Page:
Bad Karma by Theresa Weir

Posted by Mrs Giggles on April 13, 2010 in 3 Oogies, Book Reviews, Genre: Contemporary

See all articles tagged as .

Bad Karma by Theresa Weir
Bad Karma by Theresa Weir

Samhain Publishing, $5.50, ISBN 978-1-60504-977-9
Paranormal Romance, 2010

Bad Karma was first released by Bantam back in 1999, but this edition, released 11 years later, had been tinkered with and re-edited by the author and the publisher, so it’s not exactly a reissue. The author describes it as “a cut, updated, line-edited, polished version of the 1999 release”, and perhaps we should all take her word for it. This is one of the few books by this author that I hadn’t read the first time around, so I’m pleased to get my hands on this second release. I’m quite disappointed by the romance, though.

Welcome to Egypt, Missouri, a town that never forgets. Daniel Sinclair knows that feeling – ever since he returned to Egypt after a stint in LA, he feels more like an outsider than a local. A police officer, Daniel is charged with an assignment that he doesn’t like very much at the start of this story: to meet the clairvoyant hired by his boss to locate the town master key. He doesn’t believe in such things and he has this sinking feeling that the whole town is being taken for a ride, but alas, his boss is on a spiritualism kick and has the whole town on her side.

Cleo Tyler is a bit of psychic, although she doesn’t fully understand and can’t control her ability to detect scenes of other people’s lives. She just wants the money offered by this gig when she and her dog Premonition comes to Egypt. The hot but suspicious police officer only makes the heat of the place more intense, and it won’t be long before the two of them are knee-deep in a love-hate thing for each other.

The promotional material calls Daniel an “alpha male”, but my personal preference would be to call him a rude jerk. He has already Cleo pegged as guilty even before he has seen her, and he treats her accordingly for the most part of the story. The romance is of the “Oh! I hate you! I hate you! Let’s boink!” variety, which has failed to excite cynical old me since I was old enough to know that not all men behave like jerks because they are secretly attracted to you – some men are jerks because they’re… well, jerks. Cleo could have walked away from Daniel, but the author gives her all kinds of neurotic insecurities and traumatic flashbacks from her past that the poor dear is chained to Daniel by her mentally unstable state. In a way, this makes sense, since I personally think a woman has to be crazy to deal with Daniel’s constant rude and judgmental behavior without snapping and kneeing him in the gonads, and Chloe is quite crazy.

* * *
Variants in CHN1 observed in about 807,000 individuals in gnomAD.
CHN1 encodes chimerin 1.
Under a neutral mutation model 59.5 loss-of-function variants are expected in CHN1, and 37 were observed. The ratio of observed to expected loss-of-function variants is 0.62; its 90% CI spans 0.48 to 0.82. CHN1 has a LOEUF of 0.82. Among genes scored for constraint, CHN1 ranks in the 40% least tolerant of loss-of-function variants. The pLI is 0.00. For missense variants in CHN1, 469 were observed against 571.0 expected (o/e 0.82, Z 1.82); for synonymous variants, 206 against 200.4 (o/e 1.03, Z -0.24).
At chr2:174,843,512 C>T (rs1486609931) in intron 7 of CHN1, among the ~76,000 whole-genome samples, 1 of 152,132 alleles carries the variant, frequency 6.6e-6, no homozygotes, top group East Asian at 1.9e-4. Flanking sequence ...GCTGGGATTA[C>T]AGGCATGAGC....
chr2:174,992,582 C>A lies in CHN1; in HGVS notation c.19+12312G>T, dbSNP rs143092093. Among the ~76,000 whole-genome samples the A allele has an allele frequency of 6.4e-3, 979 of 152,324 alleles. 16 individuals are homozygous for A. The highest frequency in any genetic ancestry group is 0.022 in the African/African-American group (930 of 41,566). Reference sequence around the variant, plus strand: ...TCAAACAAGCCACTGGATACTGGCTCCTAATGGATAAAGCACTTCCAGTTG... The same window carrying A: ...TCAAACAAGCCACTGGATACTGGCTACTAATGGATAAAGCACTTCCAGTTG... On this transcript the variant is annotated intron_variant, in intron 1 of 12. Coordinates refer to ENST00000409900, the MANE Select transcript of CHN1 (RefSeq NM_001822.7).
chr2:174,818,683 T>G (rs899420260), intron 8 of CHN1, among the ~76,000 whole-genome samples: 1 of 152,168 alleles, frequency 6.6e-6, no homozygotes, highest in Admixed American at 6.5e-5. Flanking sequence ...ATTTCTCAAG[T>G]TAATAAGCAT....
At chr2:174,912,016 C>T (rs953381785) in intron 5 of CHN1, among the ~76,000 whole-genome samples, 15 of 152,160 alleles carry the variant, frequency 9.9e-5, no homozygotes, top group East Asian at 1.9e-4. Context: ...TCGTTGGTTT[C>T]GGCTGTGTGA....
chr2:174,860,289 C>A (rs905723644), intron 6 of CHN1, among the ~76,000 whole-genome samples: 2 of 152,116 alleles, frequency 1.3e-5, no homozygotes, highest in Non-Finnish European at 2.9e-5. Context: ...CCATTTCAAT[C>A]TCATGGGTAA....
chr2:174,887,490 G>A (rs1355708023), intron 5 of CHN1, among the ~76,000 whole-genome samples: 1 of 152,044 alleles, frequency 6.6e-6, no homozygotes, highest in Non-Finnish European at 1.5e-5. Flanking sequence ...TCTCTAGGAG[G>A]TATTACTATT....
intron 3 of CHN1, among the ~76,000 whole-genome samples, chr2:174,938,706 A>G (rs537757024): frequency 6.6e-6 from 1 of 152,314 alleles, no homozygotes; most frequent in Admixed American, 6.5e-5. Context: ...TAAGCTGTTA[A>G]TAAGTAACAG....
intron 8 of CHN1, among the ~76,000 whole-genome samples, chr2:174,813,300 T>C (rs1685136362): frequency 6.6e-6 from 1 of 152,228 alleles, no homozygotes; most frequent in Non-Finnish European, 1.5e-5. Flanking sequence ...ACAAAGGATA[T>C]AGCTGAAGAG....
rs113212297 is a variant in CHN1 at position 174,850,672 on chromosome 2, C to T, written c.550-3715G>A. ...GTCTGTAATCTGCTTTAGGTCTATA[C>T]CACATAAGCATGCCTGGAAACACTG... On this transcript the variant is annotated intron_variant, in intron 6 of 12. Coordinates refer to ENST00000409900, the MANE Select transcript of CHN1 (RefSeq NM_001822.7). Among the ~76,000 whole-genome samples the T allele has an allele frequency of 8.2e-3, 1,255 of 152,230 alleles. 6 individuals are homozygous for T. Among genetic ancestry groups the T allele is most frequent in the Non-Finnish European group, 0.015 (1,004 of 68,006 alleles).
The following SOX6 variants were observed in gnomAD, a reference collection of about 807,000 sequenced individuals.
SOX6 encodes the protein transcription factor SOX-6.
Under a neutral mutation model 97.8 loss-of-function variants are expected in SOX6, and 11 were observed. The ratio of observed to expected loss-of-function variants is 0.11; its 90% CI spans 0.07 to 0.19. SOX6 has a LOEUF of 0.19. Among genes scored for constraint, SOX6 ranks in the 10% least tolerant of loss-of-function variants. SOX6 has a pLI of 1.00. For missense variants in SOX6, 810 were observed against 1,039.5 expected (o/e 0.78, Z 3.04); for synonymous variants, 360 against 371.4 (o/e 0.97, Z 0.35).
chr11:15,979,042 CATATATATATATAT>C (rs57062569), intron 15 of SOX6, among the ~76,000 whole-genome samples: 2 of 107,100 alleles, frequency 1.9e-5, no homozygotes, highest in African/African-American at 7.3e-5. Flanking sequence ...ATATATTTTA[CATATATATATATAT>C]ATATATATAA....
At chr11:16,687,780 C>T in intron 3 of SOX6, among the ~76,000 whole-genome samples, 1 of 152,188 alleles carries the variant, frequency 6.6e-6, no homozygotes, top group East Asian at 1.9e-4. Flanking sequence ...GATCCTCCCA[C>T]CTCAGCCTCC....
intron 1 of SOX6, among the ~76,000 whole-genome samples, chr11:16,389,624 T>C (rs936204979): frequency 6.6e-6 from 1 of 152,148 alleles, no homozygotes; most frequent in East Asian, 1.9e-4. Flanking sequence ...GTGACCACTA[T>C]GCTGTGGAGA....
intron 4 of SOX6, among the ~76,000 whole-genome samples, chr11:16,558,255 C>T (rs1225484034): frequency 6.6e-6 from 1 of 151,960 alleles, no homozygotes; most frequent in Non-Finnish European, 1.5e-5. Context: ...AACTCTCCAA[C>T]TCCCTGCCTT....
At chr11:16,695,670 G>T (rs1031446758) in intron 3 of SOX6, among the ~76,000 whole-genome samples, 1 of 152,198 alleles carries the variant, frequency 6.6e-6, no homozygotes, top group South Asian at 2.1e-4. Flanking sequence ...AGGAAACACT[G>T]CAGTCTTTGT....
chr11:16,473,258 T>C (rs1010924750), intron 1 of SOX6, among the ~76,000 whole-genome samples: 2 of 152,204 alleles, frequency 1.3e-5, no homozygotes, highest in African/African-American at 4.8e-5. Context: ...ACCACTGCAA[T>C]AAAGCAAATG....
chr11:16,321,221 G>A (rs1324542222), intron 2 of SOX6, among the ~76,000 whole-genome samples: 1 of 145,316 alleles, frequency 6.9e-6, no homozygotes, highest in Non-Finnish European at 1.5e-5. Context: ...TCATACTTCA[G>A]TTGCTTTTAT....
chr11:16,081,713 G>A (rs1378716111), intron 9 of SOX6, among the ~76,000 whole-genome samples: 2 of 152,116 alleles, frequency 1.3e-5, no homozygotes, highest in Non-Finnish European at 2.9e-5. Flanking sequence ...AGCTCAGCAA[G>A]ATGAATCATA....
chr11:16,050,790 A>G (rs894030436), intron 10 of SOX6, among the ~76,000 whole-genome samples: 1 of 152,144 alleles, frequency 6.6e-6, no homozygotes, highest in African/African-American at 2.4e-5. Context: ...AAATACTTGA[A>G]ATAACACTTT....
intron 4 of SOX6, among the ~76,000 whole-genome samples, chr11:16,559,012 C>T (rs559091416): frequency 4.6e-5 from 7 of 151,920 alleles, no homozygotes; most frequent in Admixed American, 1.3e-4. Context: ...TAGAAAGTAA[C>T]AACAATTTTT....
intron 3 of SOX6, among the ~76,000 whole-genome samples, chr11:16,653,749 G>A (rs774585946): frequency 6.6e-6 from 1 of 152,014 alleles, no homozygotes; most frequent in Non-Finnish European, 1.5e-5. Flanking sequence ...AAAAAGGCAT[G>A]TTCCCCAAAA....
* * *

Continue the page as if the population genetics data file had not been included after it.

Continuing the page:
“You’re beautiful,” she whispered against his mouth. “I want you.” She guided him to her.

“Wait,” he said in a breathless voice. “We need a rubber. You got a rubber?”

“We don’t need one.”

“Yes, we do.”

“Are you afraid of me?”

“I’m looking out for both of us.”

“But if either of us were tainted, it would be me, wouldn’t it?”

“I didn’t say that.”

The heat lamp clicked, engulfing them in darkness. He reached behind him, searching for the wall switch.

“Leave the light off,” she whispered.

“I want to see you.”

“I want to pretend you’re somebody else.”

“You’re making me mad.”

“I’m just being honest.”

“Honest?” he said. “You don’t know the meaning of the word.”

Can you feel the love tonight? The peace the evening brings? The world, for once, in perfect harmony? Yeah, I thought so.

The above is a good representative of the typical conversation between Daniel and Chloe, by the way.

I am willing to be patient and give Daniel time and room to come to his senses, but the tenor of this dysfunctional romance is set for the rest of the story. The mystery is pretty mundane, so there is no solid subplot to distract me from the fact that Daniel is a jerk through and through.

On the bright side, the writing is solid. The author’s powerful sense of description comes through vividly in her prose, and I often feel as if I was taken into the story. The sights, sounds, and even smells seem so real, only to have the illusion dispelled when I reach out to kick Daniel in his rear end only to remember that he’s just a fictitious donkey.

Bad Karma has some really masterful wordsmith at display here, and this is the main reason why this book is enjoyable for me to read. The romance doesn’t resonate with me at all, however. I guess I’m just that reader who have reached a stage where I no longer subscribe to the “all girls really want asshole boys” school of thought. Read this book if you wish, but do read the author’s other and better books as well.